David Wilkerson is a source of inspiration to many Christians. His book The Cross and the Switchblade spread his influence beyond his own pentecostal circles and inspired multitudes of Christians from various denominations. However, whilst Wilkerson is a hero of the faith to many Christians, he is first and foremost, a pentecostal champion of the faith. Wilkerson is to Pentecostals what Calvin is to Presbyterians, Thomas Chalmers is to the Free Church and Spurgeon is to Baptists. In other words, he is an example of what it is to live out his Biblical convictions.
I’m personally indebted to the life and ministry of David Wilkerson in a number of ways. As a teenager, in a Roman Catholic School, I heard the story of the Cross and the Switchblade and it made a lasting impression upon my mind. Growing up in a socially deprived housing scheme in the outskirts of Glasgow, Wilkerson’s story resonated with me. Here was a religion I could understand.
Later, after finding Christ in the midst of addiction, poverty and social chaos, I came into contact with the ministry of Teen Challenge. It was here I discovered that Wilkerson’s ministry had gone global. It was here I discovered that I wasn’t the only person living life on the margins of society who had discovered the power of the risen Christ.
Later again I discovered Wilkerson the pastor, teacher and prophet. As I sought to search out a church, understand the Bible, and weigh up the conflicting claims of different church groups, Wilkerson’s sermons brought light. He helped me navigate the prosperity gospel, the excesses associated with the Toronto Blessing, and he nurtured the desire for deep personal holiness.
Whilst I wouldn’t endorse everything that Wilkerson wrote or said, I am convinced that Wilkerson’s voice needs to be heard in the evangelical church today. The general evangelical movement would be well served by turning to his teachings. Yet more importantly, I believe Pentecostals need to rediscover their own prophet, pastor and preacher. Many people today have been inspired by Wilkerson, but very few have been discipled by him. Many have caught his heart for the broken, but they haven’t grasped his solution. Many have tried to follow his ministry, but they haven’t grasped his message.
Here are a few essential areas where a rediscovery of David Wilkerson’s Legacy could transform our churches and ministries.
Wilkerson shows us the importance of:
- Taking the gospel to the streets
Street ministry is one of the first areas of ministry I got involved in. At the turn of the millennium, in Scotland, street ministry wasn’t a massive thing. Most Christians I encountered had a negative view of street ministry. However, since then, many youth work agencies, and funders have begun to prioritise street work. The popularity of street ministry has also increased due to the increase of Street Pastors.
David Wilkerson was, in many ways, a pioneer of street ministry. However, street ministry today often lacks the essential ingredient that made Wilkerson’s ministry so high impact. A lot of street ministry does not take the gospel to the streets. Wilkerson talks about this importance of the gospel in one of his books.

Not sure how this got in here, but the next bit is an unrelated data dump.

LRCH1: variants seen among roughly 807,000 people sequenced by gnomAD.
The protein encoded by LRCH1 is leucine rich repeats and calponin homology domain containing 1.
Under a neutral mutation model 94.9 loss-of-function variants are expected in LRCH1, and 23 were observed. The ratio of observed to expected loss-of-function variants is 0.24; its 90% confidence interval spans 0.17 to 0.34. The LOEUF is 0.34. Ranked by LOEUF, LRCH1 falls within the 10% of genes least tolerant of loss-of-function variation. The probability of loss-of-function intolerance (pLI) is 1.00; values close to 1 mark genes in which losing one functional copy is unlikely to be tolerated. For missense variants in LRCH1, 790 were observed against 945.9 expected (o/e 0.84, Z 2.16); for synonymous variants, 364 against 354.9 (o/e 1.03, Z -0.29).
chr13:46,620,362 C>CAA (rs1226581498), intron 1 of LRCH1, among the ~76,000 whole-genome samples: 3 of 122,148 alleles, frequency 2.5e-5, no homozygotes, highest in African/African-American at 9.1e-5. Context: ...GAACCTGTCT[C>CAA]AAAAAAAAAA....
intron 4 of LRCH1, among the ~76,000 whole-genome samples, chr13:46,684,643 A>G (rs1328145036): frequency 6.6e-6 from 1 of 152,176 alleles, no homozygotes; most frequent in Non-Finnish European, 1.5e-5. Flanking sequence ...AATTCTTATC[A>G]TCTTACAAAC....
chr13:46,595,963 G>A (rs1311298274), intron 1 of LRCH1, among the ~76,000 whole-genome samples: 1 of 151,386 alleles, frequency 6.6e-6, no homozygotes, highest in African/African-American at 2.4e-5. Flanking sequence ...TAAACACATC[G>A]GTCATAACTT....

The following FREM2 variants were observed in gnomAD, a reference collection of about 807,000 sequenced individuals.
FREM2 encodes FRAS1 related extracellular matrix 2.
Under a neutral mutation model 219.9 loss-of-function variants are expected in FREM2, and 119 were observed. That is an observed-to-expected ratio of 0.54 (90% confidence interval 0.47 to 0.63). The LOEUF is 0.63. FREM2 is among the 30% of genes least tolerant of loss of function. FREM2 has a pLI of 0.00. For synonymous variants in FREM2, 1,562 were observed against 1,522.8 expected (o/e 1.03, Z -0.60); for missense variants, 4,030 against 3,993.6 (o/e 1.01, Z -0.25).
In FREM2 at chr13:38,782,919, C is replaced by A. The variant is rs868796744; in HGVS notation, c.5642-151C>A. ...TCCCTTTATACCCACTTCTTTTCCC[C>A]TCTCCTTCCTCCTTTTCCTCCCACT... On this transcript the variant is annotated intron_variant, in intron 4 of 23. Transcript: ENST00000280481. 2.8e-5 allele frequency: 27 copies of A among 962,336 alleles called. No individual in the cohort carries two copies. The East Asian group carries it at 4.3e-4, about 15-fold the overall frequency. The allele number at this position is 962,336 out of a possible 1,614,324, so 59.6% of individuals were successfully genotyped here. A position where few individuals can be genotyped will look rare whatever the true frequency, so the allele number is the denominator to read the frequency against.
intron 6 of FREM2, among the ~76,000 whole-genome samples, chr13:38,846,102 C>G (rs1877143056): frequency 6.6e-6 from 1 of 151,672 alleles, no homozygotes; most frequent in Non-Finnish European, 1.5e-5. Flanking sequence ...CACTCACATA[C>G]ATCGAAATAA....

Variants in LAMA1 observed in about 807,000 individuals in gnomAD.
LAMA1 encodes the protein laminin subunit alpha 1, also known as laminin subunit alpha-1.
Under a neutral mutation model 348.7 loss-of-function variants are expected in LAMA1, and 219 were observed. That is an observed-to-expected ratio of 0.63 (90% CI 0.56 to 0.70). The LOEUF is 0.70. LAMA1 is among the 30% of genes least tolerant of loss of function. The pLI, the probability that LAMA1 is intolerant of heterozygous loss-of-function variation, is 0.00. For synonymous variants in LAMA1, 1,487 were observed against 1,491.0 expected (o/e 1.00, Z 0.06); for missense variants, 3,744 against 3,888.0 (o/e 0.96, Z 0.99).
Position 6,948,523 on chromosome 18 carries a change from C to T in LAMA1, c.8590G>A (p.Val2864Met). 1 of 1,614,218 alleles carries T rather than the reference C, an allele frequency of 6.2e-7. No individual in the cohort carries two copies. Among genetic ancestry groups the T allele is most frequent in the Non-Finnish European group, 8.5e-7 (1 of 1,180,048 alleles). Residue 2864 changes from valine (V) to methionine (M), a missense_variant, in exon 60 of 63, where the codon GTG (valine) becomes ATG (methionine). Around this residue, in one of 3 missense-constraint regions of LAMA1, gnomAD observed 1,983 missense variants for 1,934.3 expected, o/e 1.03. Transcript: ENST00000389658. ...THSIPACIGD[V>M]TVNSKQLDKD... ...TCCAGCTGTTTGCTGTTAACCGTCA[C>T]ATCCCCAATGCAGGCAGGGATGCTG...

I had a message for street fighters, gang leaders, kids who stabbed each other with knives and jabbed themselves with needles – and a lot of them were beginning to listen. Wherever I could – in church, on a street corner, in a wretched abandoned basement that served as a clubhouse, — I preached the message of God’s love, Christ’s atoning death, and the Holy Spirit’s power to work wonders in this world.
It’s crystal clear. Wilkerson was not just out to help people socially, he was out to transform people spiritually. And that transformation came through a message. Today, a lot of street ministry either makes no attempt to make evangelism an aim, or it fudges the message. Wilkerson was very clear about his message. Yes, he preached God’s love, but that love looked like something – the cross. Wilkerson knew it was the message of the cross that would transform lives.
Further, he understood that the only thing that could make his message effective was the power of the Holy Spirit. This is Christianity 101 yet it is virtually missing today.
Wilkerson’s message was so simple, yet so powerful – a God who loves you, a God who has given his son to die for you that you may be saved and set free. And a God who will impart love, hope, healing and holiness, deep into your soul by the power of His Spirit.
This is desperately needed today.
- Confronting the Church with its compromise
The second area Wilkerson is needed is the area of correction and challenge. It seems today that we live in a culture of two extremes. We are either critics or compromisers. We either take the path of the online heresy hunter, burn you-at-the-stake-blogger, or we say nothing. We live Christian lives that are about as effective as Ned Flanders. We smile. We be nice. We stay positive about everything.
Wilkerson loved the church too much to take that approach. He understood that the scriptures are given for correction as well as comfort (2 Tim 3:16)
Today, in society, and church, there is a tendency to avoid confrontation. People are more concerned with being peace-keepers, than peace makers. Current wisdom says that correction is judgemental and silence is loving. That’s not biblical wisdom though, hear the heart of God through Wilkerson’s statement to the Assemblies of God.